• by mini me ( 132455 ) on Friday January 18, 2008 @06:27PM (#22101728)
    CouchDB, ThruDB, RDDB, and SimpleDB, to name a few.
  • by mishabear ( 1222844 ) on Friday January 18, 2008 @06:42PM (#22101948)
    > I don't know why this article is so harshly critical of MapReduce.
    > Are these guys just trying to stake a reputation based on being critical of Google?

    Um... yes?

    The Database Column is being coy about being a corporate blog for Vertica, a high performance database database product, but in fact it is. Vertica is a commercial implementation of C-Store and was founded by Michael Stonebraker, the most prominent proponent of column based databases (get it? the database column). So yes, they have a very good reason to be hostile to Google. [] [] [] []
  • Re:Money, meet mouth (Score:3, Interesting)

    by StarfishOne ( 756076 ) on Friday January 18, 2008 @07:39PM (#22102678)

    I recently read somewhere (if only I could recall the link...) that on average Google's MapReduce jobs process something in the order of 100 GB/second, 24/7/365

    I've got nothing against RDBMS... but how can you be critical about a tool that scales and performs so well? It's just a matter of selecting and using the right tool for the job.

  • by Blakey Rat ( 99501 ) on Friday January 18, 2008 @08:19PM (#22103134)
    What bothers me the most is how much hype it gets. I work for a company that has had a "MapReduce" implementation (used internally) for as long as Google has, and we're not getting drooled over by the tech press. I'm sure tons of companies that have had to solve similar problems have already made this tool, even though the languages and syntax involved might change between implementations, it's nothing all that great.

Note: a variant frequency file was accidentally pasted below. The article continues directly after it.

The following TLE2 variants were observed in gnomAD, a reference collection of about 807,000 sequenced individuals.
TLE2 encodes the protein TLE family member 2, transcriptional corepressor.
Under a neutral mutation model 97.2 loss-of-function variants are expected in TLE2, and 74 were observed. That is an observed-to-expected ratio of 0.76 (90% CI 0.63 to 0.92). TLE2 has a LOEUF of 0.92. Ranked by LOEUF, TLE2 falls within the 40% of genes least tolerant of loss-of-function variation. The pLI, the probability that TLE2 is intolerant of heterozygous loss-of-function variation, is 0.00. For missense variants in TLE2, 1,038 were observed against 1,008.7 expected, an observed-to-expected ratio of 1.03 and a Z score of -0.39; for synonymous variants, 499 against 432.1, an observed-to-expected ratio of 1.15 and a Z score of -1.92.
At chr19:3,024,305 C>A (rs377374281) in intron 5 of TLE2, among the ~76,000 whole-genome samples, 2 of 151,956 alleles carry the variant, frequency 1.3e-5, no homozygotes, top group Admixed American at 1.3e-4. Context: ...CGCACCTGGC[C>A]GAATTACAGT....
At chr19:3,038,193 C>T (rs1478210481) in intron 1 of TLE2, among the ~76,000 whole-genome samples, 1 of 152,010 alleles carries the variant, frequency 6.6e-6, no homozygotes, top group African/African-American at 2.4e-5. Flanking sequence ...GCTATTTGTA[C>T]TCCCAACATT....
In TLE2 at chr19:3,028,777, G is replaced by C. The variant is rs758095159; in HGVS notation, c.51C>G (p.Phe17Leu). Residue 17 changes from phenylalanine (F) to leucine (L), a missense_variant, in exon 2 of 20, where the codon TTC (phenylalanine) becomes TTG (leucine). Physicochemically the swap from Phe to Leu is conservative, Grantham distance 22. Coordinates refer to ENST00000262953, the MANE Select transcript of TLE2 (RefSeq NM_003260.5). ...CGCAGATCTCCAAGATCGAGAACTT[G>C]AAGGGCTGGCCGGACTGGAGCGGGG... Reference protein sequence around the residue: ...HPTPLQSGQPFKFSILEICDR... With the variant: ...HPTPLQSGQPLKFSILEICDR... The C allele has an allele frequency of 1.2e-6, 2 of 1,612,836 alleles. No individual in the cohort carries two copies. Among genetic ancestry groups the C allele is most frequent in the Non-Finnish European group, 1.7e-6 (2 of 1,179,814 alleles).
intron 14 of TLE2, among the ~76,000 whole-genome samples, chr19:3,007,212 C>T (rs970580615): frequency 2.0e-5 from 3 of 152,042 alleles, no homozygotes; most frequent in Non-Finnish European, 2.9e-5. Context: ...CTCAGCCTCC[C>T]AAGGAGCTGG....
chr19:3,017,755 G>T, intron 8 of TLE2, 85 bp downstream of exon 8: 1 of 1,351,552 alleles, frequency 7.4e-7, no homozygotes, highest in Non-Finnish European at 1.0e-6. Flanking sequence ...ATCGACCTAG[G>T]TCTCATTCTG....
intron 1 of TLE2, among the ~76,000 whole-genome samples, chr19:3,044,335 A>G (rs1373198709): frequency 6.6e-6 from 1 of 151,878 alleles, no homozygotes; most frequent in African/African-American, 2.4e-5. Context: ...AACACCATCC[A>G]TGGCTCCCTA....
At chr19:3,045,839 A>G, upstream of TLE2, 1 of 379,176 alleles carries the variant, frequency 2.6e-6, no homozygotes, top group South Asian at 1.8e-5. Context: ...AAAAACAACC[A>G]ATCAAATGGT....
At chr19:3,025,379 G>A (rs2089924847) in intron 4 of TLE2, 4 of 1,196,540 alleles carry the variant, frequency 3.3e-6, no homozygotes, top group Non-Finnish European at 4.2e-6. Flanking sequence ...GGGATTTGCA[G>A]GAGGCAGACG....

• by merreborn ( 853723 ) on Friday January 18, 2008 @08:36PM (#22103314) Journal
    His conclusion really hits the nail on the head:

    What the authors really want to gripe about is distributed "cloud" data management systems like Amazon's SimpleDB; in fact if you change "MapReduce" to "SimpleDB" the original article almost makes sense.
  • by eh2o ( 471262 ) on Saturday January 19, 2008 @11:30PM (#22114458)
    MapReduce falls under the category of embarrassingly parallel algorithms. It isn't a step backwards, it just has a limited scope.

    Google's contribution (and yes it does predate them by a long time) is to point out that MapReduce is a bit more than an algorithm -- it is a design pattern. Design patterns help us write clean code by establishing a consistent vocabulary (e.g. actors, containers, operators, etc), and furthermore are important insofar as they making algorithms accessible to programmers. Right now we badly need more well-defined design patterns in the area of parallel computing as this is essentially the future of programming.

If all else fails, immortality can always be assured by spectacular error. -- John Kenneth Galbraith